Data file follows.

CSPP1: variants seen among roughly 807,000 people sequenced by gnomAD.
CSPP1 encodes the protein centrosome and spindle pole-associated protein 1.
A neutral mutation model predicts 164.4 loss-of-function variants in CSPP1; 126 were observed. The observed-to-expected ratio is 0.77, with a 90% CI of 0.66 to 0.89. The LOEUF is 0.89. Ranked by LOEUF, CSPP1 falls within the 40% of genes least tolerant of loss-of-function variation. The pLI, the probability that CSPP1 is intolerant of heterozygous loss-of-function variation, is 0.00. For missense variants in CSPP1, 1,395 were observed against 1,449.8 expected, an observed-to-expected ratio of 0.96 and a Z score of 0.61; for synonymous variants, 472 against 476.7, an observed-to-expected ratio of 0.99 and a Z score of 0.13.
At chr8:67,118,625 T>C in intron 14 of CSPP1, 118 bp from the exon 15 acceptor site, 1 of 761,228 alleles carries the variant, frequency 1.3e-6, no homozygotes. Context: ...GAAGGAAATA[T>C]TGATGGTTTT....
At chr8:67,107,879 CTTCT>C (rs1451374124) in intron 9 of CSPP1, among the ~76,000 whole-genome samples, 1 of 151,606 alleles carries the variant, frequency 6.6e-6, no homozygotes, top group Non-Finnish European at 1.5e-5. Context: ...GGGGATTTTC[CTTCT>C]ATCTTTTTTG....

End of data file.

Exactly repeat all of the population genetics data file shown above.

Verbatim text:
CSPP1: variants seen among roughly 807,000 people sequenced by gnomAD.
CSPP1 encodes the protein centrosome and spindle pole-associated protein 1.
A neutral mutation model predicts 164.4 loss-of-function variants in CSPP1; 126 were observed. The observed-to-expected ratio is 0.77, with a 90% CI of 0.66 to 0.89. The LOEUF is 0.89. Ranked by LOEUF, CSPP1 falls within the 40% of genes least tolerant of loss-of-function variation. The pLI, the probability that CSPP1 is intolerant of heterozygous loss-of-function variation, is 0.00. For missense variants in CSPP1, 1,395 were observed against 1,449.8 expected, an observed-to-expected ratio of 0.96 and a Z score of 0.61; for synonymous variants, 472 against 476.7, an observed-to-expected ratio of 0.99 and a Z score of 0.13.
At chr8:67,118,625 T>C in intron 14 of CSPP1, 118 bp from the exon 15 acceptor site, 1 of 761,228 alleles carries the variant, frequency 1.3e-6, no homozygotes. Context: ...GAAGGAAATA[T>C]TGATGGTTTT....
At chr8:67,107,879 CTTCT>C (rs1451374124) in intron 9 of CSPP1, among the ~76,000 whole-genome samples, 1 of 151,606 alleles carries the variant, frequency 6.6e-6, no homozygotes, top group Non-Finnish European at 1.5e-5. Context: ...GGGGATTTTC[CTTCT>C]ATCTTTTTTG....